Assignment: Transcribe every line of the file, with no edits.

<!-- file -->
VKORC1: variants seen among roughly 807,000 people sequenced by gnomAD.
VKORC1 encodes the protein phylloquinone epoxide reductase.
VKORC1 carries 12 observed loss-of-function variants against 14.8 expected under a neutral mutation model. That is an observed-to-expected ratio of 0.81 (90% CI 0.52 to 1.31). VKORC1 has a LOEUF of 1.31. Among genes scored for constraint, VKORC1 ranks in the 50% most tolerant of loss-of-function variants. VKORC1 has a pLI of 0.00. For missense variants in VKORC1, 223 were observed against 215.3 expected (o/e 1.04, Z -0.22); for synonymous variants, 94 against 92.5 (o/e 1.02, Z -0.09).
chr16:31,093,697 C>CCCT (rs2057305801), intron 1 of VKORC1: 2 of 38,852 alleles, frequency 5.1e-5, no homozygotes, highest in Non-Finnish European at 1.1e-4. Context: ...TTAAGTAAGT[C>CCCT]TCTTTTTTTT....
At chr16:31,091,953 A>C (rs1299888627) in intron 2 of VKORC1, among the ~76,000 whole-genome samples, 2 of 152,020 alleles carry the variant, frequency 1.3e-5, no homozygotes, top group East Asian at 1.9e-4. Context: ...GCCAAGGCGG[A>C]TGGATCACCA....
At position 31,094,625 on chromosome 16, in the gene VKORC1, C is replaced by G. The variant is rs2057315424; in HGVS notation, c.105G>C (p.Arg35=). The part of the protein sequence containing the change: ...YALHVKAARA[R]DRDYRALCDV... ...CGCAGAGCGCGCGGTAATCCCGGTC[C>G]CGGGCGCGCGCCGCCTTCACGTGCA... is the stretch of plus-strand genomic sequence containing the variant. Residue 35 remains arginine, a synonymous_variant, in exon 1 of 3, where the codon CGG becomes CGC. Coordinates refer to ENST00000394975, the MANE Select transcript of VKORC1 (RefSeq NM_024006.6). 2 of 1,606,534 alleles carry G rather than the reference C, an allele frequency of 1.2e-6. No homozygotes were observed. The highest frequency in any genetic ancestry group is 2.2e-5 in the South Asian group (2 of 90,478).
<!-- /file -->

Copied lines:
VKORC1: variants seen among roughly 807,000 people sequenced by gnomAD.
VKORC1 encodes the protein phylloquinone epoxide reductase.
VKORC1 carries 12 observed loss-of-function variants against 14.8 expected under a neutral mutation model. That is an observed-to-expected ratio of 0.81 (90% CI 0.52 to 1.31). VKORC1 has a LOEUF of 1.31. Among genes scored for constraint, VKORC1 ranks in the 50% most tolerant of loss-of-function variants. VKORC1 has a pLI of 0.00. For missense variants in VKORC1, 223 were observed against 215.3 expected (o/e 1.04, Z -0.22); for synonymous variants, 94 against 92.5 (o/e 1.02, Z -0.09).
chr16:31,093,697 C>CCCT (rs2057305801), intron 1 of VKORC1: 2 of 38,852 alleles, frequency 5.1e-5, no homozygotes, highest in Non-Finnish European at 1.1e-4. Context: ...TTAAGTAAGT[C>CCCT]TCTTTTTTTT....
At chr16:31,091,953 A>C (rs1299888627) in intron 2 of VKORC1, among the ~76,000 whole-genome samples, 2 of 152,020 alleles carry the variant, frequency 1.3e-5, no homozygotes, top group East Asian at 1.9e-4. Context: ...GCCAAGGCGG[A>C]TGGATCACCA....
At position 31,094,625 on chromosome 16, in the gene VKORC1, C is replaced by G. The variant is rs2057315424; in HGVS notation, c.105G>C (p.Arg35=). The part of the protein sequence containing the change: ...YALHVKAARA[R]DRDYRALCDV... ...CGCAGAGCGCGCGGTAATCCCGGTC[C>G]CGGGCGCGCGCCGCCTTCACGTGCA... is the stretch of plus-strand genomic sequence containing the variant. Residue 35 remains arginine, a synonymous_variant, in exon 1 of 3, where the codon CGG becomes CGC. Coordinates refer to ENST00000394975, the MANE Select transcript of VKORC1 (RefSeq NM_024006.6). 2 of 1,606,534 alleles carry G rather than the reference C, an allele frequency of 1.2e-6. No homozygotes were observed. The highest frequency in any genetic ancestry group is 2.2e-5 in the South Asian group (2 of 90,478).